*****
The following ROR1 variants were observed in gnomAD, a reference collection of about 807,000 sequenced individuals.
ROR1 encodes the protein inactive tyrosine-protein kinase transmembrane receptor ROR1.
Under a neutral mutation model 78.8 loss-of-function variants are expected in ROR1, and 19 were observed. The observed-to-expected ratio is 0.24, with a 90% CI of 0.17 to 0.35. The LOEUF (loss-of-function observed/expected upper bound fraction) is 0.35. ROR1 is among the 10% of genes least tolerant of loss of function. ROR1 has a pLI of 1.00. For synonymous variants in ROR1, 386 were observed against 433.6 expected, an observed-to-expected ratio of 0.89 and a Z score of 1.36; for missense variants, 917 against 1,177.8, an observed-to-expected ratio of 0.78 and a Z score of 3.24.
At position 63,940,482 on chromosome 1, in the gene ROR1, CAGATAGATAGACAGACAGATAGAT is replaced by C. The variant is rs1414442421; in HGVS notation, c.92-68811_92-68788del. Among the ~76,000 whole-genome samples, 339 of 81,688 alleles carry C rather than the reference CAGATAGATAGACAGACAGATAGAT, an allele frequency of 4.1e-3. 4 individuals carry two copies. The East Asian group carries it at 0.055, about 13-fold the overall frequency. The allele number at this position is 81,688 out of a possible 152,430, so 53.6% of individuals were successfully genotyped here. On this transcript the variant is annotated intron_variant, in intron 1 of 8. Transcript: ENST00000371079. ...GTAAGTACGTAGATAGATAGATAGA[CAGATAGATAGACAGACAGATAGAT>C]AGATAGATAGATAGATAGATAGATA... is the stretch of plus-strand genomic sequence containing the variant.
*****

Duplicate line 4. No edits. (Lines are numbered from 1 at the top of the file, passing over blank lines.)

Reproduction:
At position 63,940,482 on chromosome 1, in the gene ROR1, CAGATAGATAGACAGACAGATAGAT is replaced by C. The variant is rs1414442421; in HGVS notation, c.92-68811_92-68788del. Among the ~76,000 whole-genome samples, 339 of 81,688 alleles carry C rather than the reference CAGATAGATAGACAGACAGATAGAT, an allele frequency of 4.1e-3. 4 individuals carry two copies. The East Asian group carries it at 0.055, about 13-fold the overall frequency. The allele number at this position is 81,688 out of a possible 152,430, so 53.6% of individuals were successfully genotyped here. On this transcript the variant is annotated intron_variant, in intron 1 of 8. Transcript: ENST00000371079. ...GTAAGTACGTAGATAGATAGATAGA[CAGATAGATAGACAGACAGATAGAT>C]AGATAGATAGATAGATAGATAGATA... is the stretch of plus-strand genomic sequence containing the variant.